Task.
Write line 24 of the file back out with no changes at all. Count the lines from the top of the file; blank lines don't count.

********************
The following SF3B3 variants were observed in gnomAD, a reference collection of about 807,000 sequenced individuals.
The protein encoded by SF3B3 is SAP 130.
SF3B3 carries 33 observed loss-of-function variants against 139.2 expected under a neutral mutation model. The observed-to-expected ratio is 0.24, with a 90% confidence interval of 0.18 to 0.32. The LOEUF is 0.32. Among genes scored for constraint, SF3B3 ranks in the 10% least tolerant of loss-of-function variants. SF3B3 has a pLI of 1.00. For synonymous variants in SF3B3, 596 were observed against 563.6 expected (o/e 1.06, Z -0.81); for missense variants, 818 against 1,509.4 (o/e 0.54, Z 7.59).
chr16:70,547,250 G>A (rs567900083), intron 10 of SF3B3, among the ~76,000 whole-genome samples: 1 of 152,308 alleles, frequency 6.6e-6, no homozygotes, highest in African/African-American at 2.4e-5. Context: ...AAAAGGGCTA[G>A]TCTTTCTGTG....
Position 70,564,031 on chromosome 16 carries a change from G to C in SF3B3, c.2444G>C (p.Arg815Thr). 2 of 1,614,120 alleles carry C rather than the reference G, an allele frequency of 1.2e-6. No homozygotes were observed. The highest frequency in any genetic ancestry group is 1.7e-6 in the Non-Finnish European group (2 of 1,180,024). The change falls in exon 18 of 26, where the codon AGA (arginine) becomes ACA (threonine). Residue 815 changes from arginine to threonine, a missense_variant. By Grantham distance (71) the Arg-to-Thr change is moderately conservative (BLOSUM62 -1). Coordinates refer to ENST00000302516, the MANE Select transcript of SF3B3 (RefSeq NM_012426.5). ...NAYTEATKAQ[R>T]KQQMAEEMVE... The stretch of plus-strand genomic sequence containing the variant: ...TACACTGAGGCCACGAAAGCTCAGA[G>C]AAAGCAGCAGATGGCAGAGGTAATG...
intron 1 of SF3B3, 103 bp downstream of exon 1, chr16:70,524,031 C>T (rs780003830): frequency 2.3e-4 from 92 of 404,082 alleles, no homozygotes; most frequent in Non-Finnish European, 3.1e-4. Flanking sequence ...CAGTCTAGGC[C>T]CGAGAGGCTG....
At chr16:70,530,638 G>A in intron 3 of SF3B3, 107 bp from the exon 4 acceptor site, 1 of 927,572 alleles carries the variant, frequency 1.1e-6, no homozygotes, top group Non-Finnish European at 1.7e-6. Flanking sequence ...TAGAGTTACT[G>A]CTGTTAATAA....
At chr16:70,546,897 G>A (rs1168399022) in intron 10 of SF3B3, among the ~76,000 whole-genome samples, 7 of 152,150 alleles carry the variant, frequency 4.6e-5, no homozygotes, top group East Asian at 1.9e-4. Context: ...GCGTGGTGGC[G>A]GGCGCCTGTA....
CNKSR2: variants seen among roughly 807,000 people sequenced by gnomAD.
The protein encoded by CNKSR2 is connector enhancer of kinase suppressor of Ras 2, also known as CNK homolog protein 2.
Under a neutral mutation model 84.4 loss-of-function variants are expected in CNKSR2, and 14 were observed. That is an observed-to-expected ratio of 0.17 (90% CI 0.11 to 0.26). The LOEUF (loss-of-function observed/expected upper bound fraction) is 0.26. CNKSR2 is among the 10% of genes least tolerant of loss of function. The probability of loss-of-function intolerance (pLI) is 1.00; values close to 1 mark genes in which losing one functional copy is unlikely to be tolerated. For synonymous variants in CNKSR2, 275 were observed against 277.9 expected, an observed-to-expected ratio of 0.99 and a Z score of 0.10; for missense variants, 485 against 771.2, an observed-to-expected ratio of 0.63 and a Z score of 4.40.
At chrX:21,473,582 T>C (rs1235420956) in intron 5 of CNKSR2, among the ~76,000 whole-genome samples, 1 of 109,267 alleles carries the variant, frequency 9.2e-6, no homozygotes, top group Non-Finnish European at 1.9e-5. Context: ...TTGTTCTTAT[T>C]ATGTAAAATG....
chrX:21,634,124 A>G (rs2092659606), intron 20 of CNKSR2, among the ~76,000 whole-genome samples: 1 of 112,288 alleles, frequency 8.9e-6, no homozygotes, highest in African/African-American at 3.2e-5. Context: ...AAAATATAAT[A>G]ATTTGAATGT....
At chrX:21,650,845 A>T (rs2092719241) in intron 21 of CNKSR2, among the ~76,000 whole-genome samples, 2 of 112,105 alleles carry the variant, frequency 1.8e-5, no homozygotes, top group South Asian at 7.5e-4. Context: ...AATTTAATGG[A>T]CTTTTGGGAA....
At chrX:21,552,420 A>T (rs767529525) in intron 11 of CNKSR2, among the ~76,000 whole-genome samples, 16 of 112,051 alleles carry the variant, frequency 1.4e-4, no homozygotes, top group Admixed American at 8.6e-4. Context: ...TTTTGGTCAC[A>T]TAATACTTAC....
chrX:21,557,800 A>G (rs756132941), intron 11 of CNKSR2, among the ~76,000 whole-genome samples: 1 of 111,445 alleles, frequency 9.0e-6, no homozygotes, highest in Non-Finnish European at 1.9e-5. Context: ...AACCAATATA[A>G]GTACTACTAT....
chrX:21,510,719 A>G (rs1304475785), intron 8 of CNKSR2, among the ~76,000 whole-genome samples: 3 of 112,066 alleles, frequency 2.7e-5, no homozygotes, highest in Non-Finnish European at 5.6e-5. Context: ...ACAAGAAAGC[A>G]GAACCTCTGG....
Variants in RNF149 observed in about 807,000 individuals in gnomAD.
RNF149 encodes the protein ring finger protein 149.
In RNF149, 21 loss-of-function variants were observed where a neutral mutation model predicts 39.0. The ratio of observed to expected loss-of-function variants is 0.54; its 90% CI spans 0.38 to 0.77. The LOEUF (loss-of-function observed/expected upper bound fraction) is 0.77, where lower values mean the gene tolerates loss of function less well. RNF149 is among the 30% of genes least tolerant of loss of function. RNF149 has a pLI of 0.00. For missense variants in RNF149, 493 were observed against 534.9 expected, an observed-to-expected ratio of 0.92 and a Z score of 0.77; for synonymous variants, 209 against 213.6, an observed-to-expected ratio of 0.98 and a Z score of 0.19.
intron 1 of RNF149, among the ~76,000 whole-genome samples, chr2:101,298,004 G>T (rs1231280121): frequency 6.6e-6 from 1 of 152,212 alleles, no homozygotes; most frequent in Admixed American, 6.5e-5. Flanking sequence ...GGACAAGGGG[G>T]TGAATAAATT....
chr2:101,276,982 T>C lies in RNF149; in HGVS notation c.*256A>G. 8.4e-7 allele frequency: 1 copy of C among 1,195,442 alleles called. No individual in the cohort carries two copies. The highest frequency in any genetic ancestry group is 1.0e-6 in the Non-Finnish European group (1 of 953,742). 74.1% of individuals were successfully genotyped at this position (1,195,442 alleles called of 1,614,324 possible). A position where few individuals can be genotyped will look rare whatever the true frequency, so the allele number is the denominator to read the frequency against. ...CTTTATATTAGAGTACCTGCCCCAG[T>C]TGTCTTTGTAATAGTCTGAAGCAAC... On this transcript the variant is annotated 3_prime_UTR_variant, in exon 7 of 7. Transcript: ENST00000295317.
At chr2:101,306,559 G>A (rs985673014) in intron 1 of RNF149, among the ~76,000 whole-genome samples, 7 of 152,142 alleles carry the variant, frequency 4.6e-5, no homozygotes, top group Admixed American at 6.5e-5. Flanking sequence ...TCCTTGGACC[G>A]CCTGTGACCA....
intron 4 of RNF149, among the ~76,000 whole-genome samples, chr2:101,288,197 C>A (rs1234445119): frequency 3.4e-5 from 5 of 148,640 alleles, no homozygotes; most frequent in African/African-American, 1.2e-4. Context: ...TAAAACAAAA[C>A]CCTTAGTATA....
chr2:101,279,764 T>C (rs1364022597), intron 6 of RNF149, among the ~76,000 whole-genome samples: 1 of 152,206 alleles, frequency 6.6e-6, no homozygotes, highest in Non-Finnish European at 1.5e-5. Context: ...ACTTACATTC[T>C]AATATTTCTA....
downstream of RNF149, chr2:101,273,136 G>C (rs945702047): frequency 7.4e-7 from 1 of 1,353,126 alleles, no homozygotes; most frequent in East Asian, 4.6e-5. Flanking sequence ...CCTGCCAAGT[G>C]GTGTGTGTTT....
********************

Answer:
intron 4 of RNF149, among the ~76,000 whole-genome samples, chr2:101,288,197 C>A (rs1234445119): frequency 3.4e-5 from 5 of 148,640 alleles, no homozygotes; most frequent in African/African-American, 1.2e-4. Context: ...TAAAACAAAA[C>A]CCTTAGTATA....